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Summer Blockbuster Season Is Here — Minus The Movie Theaters

Moviegoers watch a preview in their socially distanced vehicles at Mission Tiki drive-in theater in Montclair, Calif., Thursday, May 28, 2020. California moved to further relax its coronavirus restrictions and help the battered economy. (Jae C. Hong/AP Photo)
Moviegoers watch a preview in their socially distanced vehicles at Mission Tiki drive-in theater in Montclair, Calif., Thursday, May 28, 2020. California moved to further relax its coronavirus restrictions and help the battered economy. (Jae C. Hong/AP Photo)

The summer blockbuster movie season will be a bit different this year during the coronavirus pandemic. Theaters are out, streaming is in, and the drive-in has come back into vogue. We’ll go behind the curtain and help direct you to the best of what the silver screen has to offer in the coming months.

Guests

Shawn Edwards, film critic for Fox 4 News in Kansas City. Co-founder of the African-American Film Critics Association. ( @sedwardskc)

Alissa Wilkinson, film critic and culture reporter for Vox. ( @alissamarie)

From The Reading List

The New York Times: “ The Future That Hollywood Feared Is Happening Now” — “The movie industry was already on a precipice. Did the pandemic just give it a push? With theaters shuttered all over the world and hundreds of millions of people ordered to stay at home, it’s unclear when the movie industry can resume business as normal, or even whether that ‘normal’ will look anything like Hollywood wants it to. Pivotal pieces of the film calendar — including the summer-blockbuster season and the year-end awards gantlet — have been thrown into disarray, and in their absence the gulf between streaming media and the theatrical experience may only widen further.”

Vanity Fair: “ Every Movie Release Date Affected by the Coronavirus Pandemic” — “On March 4, No Time to Die — the fifth and final Bond film with Daniel Craig in the role of 007 — saw its release date pushed from April to November. Two weeks later, theaters across the U.S. were closed. That’s how quickly the coronavirus pandemic wiped out moviegoing this year, halting productions and forcing studios executives to boot their potential blockbusters off long-held and carefully programmed release dates.”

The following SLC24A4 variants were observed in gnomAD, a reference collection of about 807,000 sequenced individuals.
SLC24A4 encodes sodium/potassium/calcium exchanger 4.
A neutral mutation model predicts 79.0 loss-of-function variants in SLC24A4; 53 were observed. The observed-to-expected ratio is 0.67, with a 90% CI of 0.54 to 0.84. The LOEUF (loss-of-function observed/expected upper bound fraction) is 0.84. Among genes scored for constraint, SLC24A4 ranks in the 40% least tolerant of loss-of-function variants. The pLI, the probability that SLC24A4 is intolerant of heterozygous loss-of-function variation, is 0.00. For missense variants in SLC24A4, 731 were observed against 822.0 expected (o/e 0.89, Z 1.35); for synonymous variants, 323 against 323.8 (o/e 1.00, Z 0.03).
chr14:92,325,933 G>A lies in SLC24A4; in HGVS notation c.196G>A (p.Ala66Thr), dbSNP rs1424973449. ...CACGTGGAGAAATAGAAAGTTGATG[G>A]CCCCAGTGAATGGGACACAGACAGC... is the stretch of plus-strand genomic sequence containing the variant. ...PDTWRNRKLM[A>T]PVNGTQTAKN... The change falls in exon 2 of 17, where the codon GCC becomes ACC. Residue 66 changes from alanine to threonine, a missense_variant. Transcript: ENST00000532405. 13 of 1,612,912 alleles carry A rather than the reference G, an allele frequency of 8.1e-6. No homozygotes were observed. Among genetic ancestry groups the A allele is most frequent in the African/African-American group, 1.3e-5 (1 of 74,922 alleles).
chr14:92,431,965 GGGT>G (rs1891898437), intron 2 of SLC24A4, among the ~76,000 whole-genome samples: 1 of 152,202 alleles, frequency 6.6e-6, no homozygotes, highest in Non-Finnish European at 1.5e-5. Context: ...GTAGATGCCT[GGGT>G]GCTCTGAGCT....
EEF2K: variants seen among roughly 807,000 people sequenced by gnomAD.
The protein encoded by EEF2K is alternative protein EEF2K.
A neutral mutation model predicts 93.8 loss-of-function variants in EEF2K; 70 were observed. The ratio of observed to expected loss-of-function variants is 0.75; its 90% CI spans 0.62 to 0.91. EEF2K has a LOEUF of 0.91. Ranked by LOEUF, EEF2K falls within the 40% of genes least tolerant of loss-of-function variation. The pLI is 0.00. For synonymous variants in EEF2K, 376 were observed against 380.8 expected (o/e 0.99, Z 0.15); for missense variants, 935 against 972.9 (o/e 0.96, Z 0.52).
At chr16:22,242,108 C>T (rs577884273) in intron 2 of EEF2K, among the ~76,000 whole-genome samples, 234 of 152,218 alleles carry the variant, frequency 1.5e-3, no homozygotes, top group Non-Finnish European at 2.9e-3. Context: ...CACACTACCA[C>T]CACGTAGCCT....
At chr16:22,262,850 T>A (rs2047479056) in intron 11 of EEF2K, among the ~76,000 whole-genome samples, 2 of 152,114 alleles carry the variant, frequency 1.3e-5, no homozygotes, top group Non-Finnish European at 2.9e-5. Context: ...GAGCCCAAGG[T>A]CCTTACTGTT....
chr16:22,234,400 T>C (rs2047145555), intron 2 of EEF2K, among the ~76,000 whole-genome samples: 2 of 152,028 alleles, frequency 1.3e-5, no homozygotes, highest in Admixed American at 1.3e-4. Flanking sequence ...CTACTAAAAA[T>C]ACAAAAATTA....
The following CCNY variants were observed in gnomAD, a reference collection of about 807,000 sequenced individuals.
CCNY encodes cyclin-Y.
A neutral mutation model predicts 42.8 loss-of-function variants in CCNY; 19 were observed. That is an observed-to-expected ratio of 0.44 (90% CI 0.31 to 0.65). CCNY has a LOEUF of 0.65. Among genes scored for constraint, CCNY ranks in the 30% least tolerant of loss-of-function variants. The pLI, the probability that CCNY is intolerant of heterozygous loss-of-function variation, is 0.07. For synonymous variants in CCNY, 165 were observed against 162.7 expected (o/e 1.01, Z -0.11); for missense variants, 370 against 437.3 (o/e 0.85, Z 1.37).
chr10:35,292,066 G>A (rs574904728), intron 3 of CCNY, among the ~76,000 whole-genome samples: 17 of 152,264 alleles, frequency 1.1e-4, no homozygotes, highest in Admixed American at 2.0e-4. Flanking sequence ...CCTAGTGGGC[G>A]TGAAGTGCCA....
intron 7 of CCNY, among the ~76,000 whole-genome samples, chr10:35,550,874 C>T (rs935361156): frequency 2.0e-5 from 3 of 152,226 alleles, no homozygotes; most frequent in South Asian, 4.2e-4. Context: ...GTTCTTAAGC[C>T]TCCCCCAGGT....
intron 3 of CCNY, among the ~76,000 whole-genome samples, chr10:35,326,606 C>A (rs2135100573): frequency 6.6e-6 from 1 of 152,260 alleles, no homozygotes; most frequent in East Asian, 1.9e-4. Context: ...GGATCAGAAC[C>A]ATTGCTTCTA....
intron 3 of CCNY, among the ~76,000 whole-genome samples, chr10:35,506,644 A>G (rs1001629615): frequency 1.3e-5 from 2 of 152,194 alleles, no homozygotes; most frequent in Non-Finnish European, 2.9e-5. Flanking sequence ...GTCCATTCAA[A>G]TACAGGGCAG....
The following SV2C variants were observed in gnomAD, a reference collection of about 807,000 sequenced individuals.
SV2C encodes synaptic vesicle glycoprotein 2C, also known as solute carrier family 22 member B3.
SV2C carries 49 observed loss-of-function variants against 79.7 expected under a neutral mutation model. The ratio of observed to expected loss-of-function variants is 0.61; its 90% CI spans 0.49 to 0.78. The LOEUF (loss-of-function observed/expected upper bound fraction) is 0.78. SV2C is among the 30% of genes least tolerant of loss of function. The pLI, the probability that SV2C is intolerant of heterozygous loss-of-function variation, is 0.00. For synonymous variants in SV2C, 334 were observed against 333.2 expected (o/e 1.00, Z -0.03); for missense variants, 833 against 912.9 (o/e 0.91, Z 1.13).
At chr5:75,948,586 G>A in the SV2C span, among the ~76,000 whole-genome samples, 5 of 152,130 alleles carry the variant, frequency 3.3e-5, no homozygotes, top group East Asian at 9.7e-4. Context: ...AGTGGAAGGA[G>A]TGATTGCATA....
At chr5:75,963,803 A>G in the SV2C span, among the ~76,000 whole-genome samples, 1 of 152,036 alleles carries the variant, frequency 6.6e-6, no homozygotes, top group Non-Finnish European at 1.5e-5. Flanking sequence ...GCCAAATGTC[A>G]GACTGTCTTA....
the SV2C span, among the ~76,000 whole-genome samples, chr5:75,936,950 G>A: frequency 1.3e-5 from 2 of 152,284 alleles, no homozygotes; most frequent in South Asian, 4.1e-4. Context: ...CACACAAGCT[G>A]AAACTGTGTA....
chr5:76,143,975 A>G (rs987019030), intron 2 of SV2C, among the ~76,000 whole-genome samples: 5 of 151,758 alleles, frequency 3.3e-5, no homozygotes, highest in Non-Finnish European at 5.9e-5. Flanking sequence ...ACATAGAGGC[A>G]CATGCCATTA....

Forbes: “ Box Office: We Should Stop Pretending That We’re Going To Have A Summer Movie Season” — “Yes, it’s possible that Mulan and Tenet will stick to their new release dates, and that the films currently slated for July and August won’t be further delayed. At best, and I’m presuming that Sony’s rom-com The Broken Hearts Gallery won’t stay in its current July 17 slot, we’re going to get a single month of would-be ‘summer movies.’ For all intents and purposes, summer 2020 will start on July 31 with Unhinged and the tenth-anniversary reissue of Inception and will end on September 4 (Labor Day weekend) with Paramount PGRE’s A Quiet Place Part II.”

The New York Times: “ At the Drive-In: Thrills, Chills, Popcorn and Hand Sanitizer” — “In the end, it was the rain, not the virus, that drove some moviegoers to leave the drive-in theater here Friday as a storm interrupted the season’s first shows. Hours before, SUVs, sedans and pickup trucks had crunched along the gravel road leading to the Warwick Drive-In’s three screens, and then were directed to a grassy mound where they parked for the evening to watch the double features.”

IndieWire: “ What a Summer Season Without Big Blockbusters Means for Movie Lovers” — “With most theaters closed (and likely not opening any time soon), the usually tentpole-filled summer season is taking a different shape this year. For IndieWire’s critics, that means many things, from cinematic silver linings to questions about the future of the blockbuster landscape.”

This article was originally published on WBUR.org.

Copyright 2020 NPR. To see more, visit https://www.npr.org.